#18 What’s Your Story?
On the power of being nosy and telling your own story.
What do we owe each other? Well, let’s start with our stories and go from there.
Everyone has a story (or ten, or more) to share. Many of us just have one beautiful piece of wonder that we hone and craft over time in preparation for sharing it with the world—our own story. It may come to life in many ways—a memoir, a piece of art, a resume, or an anecdote we tell often to friends and family.
A story about who you are is the most important story you’ll ever tell. In fact, I’m developing a theory that you can only tell other stories well once you master your own. I’ve shared with you why your story is your superpower and how to honour it, now I want to dig a bit in to how you mine your own story.
It starts with curiosity.
Curiosity is a superpower of mine that I want everyone who reads this newsletter to develop. When I was a kid it was simply called nosiness. Now it’s a respected element of my professional capabilities. Good storytellers remain curious throughout their lives. Curious, open to learning, and MOST IMPORTANTLY open to saying, “I don’t know—help me understand.”
I think the world has told us over the past few decades that to not know or to be unsure is somehow wrong. That certainty is the only path forward. I’ve lived enough decades to understand that that just isn’t the case. In fact we’re only able to unleash the magic of ourselves and our authentic stories when we remain open to changing our minds about ourselves, the world, and our place in it. Curious about subtle changes in our perceptions and curious about big, reactive responses to things going on around us.
What’s that about? Ask yourself questions and stay curious, it’s the only way to better understand yourself and your story. Therapy helps too if you’re lucky enough to have access to it.
The bottom line: people change. It’s a fundamental belief of mine that was born out of a podcast episode about the long held belief that we didn’t—this is before recent advances in our understanding of neuroplasticity (our brains also change).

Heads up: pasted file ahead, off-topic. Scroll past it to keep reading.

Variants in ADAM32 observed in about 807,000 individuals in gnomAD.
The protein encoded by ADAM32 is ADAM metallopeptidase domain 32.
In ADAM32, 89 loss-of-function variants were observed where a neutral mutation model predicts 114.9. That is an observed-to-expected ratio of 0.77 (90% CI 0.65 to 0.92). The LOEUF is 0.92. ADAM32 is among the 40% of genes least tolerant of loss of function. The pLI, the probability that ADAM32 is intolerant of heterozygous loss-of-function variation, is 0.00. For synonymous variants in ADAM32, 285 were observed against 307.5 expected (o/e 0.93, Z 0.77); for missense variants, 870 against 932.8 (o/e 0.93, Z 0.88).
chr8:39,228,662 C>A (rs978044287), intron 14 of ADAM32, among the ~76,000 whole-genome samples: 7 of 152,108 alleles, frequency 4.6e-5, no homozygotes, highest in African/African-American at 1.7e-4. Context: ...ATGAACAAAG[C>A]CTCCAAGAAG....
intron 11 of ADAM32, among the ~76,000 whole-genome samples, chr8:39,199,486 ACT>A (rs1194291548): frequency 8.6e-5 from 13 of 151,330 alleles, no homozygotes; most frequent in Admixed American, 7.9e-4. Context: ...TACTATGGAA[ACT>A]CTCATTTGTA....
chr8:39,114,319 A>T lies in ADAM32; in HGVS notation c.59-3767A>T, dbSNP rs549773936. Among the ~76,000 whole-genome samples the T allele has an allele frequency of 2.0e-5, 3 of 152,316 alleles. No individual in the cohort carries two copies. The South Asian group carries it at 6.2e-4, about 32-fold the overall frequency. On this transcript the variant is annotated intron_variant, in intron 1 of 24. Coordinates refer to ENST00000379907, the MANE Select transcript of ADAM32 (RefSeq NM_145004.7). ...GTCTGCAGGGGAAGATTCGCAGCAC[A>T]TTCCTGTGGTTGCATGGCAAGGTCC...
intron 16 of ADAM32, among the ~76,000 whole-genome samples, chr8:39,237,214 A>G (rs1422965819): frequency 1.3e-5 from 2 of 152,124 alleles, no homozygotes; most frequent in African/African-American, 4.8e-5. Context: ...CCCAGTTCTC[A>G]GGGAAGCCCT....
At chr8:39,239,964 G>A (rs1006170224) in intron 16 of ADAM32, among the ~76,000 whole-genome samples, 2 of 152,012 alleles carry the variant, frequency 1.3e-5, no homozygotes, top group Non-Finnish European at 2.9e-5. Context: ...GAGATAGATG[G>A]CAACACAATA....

So how do we stay curious about ourselves (and others)?
I did an exercise as part of a business program I attended in which I had to send a note to people who knew me well and ask them my three best qualities—it was very embarrassing, but also eye opening. A lot of my friends called me brave and used examples of things I wouldn’t have thought of as brave. Before that exercise, brave wouldn’t have been on my list of superpowers; Loyal, yes. Type A, certainly. But brave? If I hadn’t asked I would never have considered it.
So a little homework assignment for you. Do the same thing. Ask people who know you your top three qualities. Especially you entrepreneurs out there and people trying to figure out your own personal and professional stories. Bravery is now part of the personal story I tell myself and how I share my experiences with others. It’s infused into my business’ tone and approach. As is curiosity. It’s a simple exercise, but can change how you think about yourself and how you approach sharing your stories.
So, what do we owe each other? I think it’s our curiosity; our openness; and the authentic stories of us that are born of that.
Obviously, I’m a huge fan of Hamilton. Because a story well told is one of my favourite things in the world. Here is a bit of quarantine-inspired joy from the musical’s instagram account. This is includes one of my favourite characters (Angelica, because we’re both neurotic and will always have a new vision on the horizon) in the musical. Also, those voices. I get chills every time I listen.
Thanks for reading and I’ll “see” you next week. Whatever the world may bring, there will always be important stories that need telling. I’ll be here to help you tell yours.
Also, if you’re enjoying this or if there’s something you’d like me to cover in a future letter—an element of your storytelling you may be struggling with, please let me know by leaving a comment below. I’m here to help.